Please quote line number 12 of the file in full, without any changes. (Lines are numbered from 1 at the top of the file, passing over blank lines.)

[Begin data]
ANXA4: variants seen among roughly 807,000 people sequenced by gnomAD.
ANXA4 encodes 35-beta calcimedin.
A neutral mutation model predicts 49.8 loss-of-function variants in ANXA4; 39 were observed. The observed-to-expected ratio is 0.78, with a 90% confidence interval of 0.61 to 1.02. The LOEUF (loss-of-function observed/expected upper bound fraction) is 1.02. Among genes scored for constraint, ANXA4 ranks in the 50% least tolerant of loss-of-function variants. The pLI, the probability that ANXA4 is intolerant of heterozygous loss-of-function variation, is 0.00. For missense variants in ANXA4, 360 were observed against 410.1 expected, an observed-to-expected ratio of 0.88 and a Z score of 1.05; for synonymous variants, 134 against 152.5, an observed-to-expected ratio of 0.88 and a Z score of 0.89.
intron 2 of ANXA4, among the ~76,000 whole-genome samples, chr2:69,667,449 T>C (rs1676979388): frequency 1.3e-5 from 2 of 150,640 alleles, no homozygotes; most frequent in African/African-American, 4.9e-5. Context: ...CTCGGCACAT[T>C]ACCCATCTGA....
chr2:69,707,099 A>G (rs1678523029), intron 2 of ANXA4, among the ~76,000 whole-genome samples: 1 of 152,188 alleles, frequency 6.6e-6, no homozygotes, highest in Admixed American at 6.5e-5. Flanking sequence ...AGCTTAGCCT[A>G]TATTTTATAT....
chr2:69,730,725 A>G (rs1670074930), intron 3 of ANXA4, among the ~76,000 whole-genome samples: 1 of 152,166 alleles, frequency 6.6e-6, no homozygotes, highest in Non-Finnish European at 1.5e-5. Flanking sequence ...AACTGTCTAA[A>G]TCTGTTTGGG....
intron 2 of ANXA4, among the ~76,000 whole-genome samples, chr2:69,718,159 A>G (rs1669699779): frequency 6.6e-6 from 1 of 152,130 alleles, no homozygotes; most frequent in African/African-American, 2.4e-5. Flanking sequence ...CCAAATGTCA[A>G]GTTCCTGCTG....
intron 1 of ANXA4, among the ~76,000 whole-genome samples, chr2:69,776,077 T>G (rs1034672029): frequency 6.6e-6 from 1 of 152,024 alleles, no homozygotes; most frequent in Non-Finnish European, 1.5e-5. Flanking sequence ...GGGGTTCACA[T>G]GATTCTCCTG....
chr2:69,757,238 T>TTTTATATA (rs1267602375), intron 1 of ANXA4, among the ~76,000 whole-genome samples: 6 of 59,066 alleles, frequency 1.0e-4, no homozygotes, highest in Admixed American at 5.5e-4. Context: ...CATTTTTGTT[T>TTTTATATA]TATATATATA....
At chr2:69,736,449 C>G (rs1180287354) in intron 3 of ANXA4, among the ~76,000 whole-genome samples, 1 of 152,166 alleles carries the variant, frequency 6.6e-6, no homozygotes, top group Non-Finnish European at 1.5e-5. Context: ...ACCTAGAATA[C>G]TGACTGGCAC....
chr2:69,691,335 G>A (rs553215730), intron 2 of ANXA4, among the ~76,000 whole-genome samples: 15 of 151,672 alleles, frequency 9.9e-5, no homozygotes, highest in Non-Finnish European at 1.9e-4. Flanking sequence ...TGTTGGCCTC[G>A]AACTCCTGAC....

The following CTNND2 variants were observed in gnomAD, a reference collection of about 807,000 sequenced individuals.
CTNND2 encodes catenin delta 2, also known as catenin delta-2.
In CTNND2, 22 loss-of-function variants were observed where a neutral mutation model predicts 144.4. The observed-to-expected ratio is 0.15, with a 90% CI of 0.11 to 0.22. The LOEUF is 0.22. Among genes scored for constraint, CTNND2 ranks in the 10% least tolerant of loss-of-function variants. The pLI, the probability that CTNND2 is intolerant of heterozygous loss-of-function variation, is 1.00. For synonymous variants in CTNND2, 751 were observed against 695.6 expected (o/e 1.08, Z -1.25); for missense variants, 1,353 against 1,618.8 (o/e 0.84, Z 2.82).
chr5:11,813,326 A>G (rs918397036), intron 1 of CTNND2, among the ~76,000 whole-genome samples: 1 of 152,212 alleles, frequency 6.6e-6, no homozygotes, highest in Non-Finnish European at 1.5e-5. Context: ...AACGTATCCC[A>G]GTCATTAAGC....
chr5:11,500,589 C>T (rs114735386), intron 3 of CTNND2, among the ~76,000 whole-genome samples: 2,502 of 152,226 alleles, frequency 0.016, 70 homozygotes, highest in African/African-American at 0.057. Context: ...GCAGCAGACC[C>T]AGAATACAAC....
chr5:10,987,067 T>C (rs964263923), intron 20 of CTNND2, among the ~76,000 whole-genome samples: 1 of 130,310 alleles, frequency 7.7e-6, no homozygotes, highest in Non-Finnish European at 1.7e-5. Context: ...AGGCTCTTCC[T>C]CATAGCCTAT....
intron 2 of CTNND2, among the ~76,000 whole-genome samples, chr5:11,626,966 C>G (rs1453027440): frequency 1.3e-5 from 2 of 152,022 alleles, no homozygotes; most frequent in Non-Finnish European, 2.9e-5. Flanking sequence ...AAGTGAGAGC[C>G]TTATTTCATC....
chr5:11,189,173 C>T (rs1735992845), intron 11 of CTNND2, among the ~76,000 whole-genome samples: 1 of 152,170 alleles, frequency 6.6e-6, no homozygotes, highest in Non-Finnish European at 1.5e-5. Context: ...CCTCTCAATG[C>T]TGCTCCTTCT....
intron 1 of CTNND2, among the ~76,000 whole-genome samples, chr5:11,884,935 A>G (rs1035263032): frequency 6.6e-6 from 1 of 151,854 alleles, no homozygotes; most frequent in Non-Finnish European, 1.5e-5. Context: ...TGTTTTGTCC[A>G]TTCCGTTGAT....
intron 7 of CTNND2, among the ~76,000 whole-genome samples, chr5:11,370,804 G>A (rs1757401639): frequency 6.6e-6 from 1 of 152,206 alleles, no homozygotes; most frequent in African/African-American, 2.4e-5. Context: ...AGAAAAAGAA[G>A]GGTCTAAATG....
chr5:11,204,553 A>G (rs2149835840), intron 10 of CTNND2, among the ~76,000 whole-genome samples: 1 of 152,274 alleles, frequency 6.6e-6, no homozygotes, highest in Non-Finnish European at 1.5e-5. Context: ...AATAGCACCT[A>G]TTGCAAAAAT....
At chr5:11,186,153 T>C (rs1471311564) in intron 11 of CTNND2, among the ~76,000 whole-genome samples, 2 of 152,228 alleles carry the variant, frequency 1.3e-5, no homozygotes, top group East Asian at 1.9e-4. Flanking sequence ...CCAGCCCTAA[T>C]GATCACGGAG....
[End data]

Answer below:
The following CTNND2 variants were observed in gnomAD, a reference collection of about 807,000 sequenced individuals.